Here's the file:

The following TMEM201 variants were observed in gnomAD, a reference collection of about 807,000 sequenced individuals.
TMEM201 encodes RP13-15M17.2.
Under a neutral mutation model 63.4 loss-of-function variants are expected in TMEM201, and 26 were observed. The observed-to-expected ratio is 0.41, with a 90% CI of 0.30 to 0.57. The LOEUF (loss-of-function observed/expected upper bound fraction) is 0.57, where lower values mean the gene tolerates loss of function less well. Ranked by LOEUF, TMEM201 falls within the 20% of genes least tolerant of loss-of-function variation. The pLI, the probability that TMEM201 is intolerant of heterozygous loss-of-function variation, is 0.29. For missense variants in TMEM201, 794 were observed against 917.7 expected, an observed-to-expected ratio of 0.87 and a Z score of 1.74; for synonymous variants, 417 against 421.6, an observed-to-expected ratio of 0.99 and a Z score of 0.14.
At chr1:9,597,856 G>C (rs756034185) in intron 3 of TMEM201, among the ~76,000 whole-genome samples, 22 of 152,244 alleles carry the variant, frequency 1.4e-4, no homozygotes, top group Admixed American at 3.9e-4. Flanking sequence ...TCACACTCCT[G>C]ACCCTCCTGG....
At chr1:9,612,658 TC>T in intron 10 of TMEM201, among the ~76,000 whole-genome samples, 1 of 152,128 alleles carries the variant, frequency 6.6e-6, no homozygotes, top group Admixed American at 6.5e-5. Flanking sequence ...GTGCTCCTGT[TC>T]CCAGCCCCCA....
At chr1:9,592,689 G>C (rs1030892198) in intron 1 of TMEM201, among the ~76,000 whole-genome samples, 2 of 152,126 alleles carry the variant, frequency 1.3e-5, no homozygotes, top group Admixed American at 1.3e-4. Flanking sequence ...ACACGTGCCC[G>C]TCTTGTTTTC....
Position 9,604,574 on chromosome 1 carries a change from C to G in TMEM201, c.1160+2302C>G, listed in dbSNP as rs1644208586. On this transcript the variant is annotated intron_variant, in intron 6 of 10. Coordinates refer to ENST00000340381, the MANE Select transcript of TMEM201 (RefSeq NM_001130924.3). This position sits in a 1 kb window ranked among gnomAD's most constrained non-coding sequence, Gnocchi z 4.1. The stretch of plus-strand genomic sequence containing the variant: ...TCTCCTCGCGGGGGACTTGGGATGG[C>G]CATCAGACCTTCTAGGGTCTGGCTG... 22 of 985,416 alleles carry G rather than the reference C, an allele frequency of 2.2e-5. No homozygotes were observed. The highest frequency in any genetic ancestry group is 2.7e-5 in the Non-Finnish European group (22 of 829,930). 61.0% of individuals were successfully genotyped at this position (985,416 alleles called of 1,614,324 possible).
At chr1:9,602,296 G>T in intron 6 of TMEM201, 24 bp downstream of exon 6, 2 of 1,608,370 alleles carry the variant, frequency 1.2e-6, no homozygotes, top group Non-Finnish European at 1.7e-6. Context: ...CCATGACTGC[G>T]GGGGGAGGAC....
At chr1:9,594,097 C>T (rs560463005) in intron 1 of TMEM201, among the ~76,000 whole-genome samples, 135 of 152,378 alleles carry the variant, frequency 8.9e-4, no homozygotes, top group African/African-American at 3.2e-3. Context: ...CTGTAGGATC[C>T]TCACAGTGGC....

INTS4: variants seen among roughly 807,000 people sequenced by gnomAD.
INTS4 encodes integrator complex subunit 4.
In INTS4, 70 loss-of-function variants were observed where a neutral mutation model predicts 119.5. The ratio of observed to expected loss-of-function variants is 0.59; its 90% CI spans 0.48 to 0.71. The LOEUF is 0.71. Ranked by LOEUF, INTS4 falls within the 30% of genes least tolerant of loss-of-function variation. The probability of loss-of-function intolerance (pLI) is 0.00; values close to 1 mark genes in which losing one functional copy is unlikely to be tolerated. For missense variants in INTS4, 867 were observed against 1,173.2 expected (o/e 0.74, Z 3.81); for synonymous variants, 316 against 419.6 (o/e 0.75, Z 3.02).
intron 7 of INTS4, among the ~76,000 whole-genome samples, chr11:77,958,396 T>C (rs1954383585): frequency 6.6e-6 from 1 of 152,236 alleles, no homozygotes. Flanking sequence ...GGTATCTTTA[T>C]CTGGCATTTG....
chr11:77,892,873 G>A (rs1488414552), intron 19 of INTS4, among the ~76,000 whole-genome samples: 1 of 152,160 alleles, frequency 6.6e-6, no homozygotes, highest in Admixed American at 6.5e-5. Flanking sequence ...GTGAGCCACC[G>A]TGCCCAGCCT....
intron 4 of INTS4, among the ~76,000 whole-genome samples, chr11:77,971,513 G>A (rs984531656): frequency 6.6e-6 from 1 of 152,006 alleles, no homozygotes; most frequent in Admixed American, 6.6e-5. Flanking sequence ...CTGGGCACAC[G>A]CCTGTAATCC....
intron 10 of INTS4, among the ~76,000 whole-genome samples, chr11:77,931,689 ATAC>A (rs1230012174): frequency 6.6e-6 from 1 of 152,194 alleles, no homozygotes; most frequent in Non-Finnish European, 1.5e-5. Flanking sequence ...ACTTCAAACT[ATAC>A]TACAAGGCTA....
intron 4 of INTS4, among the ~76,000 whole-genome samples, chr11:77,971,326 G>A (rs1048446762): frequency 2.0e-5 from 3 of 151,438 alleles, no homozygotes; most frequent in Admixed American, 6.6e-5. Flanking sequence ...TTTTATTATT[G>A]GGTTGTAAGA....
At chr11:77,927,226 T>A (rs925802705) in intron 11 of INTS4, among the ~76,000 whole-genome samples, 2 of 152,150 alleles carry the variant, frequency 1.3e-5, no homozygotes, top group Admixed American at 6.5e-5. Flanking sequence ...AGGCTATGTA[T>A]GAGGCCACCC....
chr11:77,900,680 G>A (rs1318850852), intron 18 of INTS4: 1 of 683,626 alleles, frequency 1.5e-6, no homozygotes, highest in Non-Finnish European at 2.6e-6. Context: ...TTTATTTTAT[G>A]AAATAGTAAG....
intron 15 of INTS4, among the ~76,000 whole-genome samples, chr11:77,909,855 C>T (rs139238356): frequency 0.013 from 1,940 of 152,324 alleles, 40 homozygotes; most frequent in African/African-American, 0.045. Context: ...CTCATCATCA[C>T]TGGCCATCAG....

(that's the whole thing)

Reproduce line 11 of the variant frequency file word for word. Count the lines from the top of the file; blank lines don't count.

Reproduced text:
INTS4 encodes integrator complex subunit 4.